Once upon a time, there was a dream. New filmmakers would use the internet to reach audiences, bypassing the usual gatekeepers: studios and distributors. For a while, it seemed that it would become true, but this ideal state of affairs never quite materialized. In time, big streamers and tech companies became a new brand of gatekeepers, melding the identities of producers, studios, distributors, and broadcasters. Vertical integration is back.
For some time, filmmakers could reach audiences directly by loading their movies and shorts on streaming services. There was virtually no wall separating creators from viewers. It is easy to think of that state of affairs as ideal, a paradise of popular art accessible to the masses. Alas, it was not meant to last forever. Servers loaded with movies that too few people watched compromised the balance sheet of streamers. Technology and business models were not aligned to make the system work.
Add to the mix an issue of quality control. A less-than-stellar product, by the halo effect, could tarnish the streamer’s brand perception. Chances are they did not have a budget large enough to hire an army of programmers to view everything that was getting uploaded. The first blow to this open system came in 2021 when Amazon stopped taking unsolicited films on Prime Video.
There is also an added problem that comes with an abundance of choices. How do you get noticed in a crowd, especially when you are an up-and-coming talent who has not been able to build a fan base? You are competing with established pros who already have a foothold in traditional distribution systems. They can claim the attention of the public at large and built-in audiences. Eventually, branded channels and networks took over the wilds of the internet. Now, these streaming solutions are embracing commercials. It’s like we abandoned the traditional TV model only to take it back again, decimating the free spirit of the web in the process - and throwing away the free nature of broadcast TV. You must pay for something you used to get without spending a penny. Now, that is progress!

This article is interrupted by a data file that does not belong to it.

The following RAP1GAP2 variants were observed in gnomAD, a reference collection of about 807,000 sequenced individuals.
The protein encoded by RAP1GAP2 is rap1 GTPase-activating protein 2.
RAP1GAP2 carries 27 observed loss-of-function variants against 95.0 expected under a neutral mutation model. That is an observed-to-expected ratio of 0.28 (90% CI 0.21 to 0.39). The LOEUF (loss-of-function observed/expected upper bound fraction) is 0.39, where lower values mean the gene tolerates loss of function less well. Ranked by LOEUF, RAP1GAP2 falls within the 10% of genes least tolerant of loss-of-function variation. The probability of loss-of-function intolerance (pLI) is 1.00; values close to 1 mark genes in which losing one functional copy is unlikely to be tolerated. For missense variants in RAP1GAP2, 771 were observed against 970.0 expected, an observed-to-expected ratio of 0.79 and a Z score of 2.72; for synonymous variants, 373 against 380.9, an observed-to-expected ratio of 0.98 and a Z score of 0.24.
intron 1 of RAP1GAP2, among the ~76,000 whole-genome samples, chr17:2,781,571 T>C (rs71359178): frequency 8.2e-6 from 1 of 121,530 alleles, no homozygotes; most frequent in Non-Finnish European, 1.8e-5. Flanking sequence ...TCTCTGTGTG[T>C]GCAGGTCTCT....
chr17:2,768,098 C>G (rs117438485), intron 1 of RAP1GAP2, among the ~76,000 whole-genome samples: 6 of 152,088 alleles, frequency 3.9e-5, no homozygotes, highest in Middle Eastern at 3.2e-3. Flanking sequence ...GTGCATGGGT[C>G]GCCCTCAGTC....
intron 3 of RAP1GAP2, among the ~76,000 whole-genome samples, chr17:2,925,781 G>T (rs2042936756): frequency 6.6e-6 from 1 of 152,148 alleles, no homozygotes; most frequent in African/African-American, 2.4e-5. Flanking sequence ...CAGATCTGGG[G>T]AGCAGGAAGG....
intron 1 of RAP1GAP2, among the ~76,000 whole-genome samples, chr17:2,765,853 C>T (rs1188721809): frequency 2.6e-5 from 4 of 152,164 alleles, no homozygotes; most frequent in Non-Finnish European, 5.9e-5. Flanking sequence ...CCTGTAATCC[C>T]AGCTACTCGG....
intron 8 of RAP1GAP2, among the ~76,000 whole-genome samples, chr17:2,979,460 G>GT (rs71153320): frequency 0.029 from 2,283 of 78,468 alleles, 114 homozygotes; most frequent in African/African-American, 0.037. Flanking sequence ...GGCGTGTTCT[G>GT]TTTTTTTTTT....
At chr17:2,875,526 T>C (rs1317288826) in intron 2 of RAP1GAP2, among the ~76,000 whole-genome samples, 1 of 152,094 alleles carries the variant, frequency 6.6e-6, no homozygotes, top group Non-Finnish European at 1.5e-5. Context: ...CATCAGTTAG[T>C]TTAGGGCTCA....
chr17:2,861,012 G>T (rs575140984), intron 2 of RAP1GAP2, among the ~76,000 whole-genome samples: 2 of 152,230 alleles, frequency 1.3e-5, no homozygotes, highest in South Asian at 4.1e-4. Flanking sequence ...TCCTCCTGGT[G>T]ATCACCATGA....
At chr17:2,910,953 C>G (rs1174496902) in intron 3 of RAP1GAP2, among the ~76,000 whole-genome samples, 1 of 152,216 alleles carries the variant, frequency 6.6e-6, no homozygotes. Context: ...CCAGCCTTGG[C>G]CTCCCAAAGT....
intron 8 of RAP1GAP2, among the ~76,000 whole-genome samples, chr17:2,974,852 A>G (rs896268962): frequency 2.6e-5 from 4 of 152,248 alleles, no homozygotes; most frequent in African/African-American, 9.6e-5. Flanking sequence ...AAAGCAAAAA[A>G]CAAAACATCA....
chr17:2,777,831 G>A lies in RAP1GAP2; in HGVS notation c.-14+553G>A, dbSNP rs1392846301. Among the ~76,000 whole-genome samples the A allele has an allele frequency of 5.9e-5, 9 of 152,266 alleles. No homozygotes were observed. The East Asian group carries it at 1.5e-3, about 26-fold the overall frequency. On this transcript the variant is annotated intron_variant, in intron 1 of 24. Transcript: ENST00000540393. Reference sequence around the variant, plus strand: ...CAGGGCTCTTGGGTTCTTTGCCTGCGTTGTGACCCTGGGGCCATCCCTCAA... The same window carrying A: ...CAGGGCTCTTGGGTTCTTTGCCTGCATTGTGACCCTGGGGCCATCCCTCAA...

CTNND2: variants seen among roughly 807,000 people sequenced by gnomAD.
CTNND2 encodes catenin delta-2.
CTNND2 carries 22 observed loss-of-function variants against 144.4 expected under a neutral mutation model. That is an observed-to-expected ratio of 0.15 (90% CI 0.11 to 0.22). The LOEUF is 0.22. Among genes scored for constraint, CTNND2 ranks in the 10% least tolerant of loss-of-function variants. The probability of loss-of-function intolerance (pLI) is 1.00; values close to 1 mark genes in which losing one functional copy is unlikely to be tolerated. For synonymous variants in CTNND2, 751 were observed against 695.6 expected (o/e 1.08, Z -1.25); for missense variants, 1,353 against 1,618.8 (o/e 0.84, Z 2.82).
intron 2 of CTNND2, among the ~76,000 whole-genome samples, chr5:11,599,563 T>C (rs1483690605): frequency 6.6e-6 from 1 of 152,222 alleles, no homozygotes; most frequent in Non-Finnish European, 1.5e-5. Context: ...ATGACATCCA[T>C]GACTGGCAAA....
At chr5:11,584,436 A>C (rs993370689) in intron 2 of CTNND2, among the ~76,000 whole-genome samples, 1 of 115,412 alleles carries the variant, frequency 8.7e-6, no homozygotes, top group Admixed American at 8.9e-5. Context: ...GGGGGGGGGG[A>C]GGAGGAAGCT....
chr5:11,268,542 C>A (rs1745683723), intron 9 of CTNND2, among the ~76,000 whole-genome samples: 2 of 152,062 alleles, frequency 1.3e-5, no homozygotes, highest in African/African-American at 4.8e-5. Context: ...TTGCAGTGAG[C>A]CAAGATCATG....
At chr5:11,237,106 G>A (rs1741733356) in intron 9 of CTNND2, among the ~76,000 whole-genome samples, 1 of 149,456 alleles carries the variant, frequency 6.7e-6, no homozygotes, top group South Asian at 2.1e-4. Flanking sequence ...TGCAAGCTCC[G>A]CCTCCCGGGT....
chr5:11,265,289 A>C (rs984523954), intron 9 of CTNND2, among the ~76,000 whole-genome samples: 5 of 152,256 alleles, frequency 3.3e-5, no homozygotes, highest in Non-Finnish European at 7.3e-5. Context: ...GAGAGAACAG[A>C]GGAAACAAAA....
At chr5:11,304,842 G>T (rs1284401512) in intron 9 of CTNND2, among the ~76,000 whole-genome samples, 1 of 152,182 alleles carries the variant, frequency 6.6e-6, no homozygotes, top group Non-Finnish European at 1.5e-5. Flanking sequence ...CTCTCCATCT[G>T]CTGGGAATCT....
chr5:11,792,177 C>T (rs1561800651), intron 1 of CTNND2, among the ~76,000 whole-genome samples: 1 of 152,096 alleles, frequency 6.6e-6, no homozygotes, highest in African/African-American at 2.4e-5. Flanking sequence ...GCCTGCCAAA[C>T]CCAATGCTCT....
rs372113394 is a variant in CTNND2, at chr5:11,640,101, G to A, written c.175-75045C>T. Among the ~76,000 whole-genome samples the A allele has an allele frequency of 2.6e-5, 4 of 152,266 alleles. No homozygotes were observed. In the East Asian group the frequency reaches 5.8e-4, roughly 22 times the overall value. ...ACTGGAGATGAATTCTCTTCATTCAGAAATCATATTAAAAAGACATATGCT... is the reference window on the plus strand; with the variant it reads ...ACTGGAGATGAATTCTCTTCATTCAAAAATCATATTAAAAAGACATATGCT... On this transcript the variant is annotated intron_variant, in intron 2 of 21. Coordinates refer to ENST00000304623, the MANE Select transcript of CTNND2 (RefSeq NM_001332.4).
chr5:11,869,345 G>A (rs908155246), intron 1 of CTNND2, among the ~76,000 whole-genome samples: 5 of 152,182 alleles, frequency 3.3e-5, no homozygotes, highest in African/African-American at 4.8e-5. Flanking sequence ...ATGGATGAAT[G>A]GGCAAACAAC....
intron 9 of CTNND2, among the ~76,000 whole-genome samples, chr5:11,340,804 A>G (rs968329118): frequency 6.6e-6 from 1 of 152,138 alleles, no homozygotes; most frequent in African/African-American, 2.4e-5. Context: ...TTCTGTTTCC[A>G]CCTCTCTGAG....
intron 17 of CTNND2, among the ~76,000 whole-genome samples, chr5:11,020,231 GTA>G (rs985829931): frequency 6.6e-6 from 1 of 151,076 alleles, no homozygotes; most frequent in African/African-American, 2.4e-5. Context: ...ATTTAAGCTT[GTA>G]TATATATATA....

But not everything is lost. There are ways to position your flicks in streaming services, even if there are hurdles. These are a few of the most popular options.
Vimeo is the closest thing to democratic video commerce. You open your account, upload the video files and support content - like thumbnail images and trailers - set up a price, and wait for the magic to unfurl. VIMEO takes 10% of the revenue after deducting transaction fees from the viewer’s chosen payment method and sales taxes.
The greatest advantage of Vimeo is that you get to set your price point. Furthermore, you can run their engine on your website. This is a godsend if you already have a fan base flocking to your site.
One of the best examples of this model belongs to Long Island's preferred son, Hal Hartley. He is one of the greatest indie directors of the '90s and a pioneer in creating online fan communities - he even has a healthy following in Japan. Once Hollywood lost interest in him, he cultivated his website. There, he sells hard copies of his works in home video formats and streams them at halhartley.com, where he also sells books, CDs, mp3 downloads of his music, and assorted memorabilia. He is currently crowdfunding his next movie, "Decision To Land."
The Vimeo Menu of Doom: good luck getting Grandpa to find your movie / Photo courtesy of Dreamstie.
He is certainly a case study of how an indie filmmaker can survive and thrive in this new state of affairs. The Hartley Way is nominally the best because Vimeo is not very friendly when showcasing materials for wide audiences. For video professionals, the user interface may work by second nature, but you can imagine civilians struggling with it.
If you go for Vimeo, you must consider their reliance on PayPal. For unknown reasons, you need to connect your Vimeo site to a personal account and not a business account. If you don’t like to patronize Peter Thiel, well, you are a duck out of luck and need to seek other choices.
The Amazon offshoot distinguished itself from YouTube by limiting content to feature-length movies and TV series. If you want to post a video of yourself making a killer omelet, that will not happen. The good news is that they focus on feature-length films and series, still making it filmmaker-friendly, up to a point.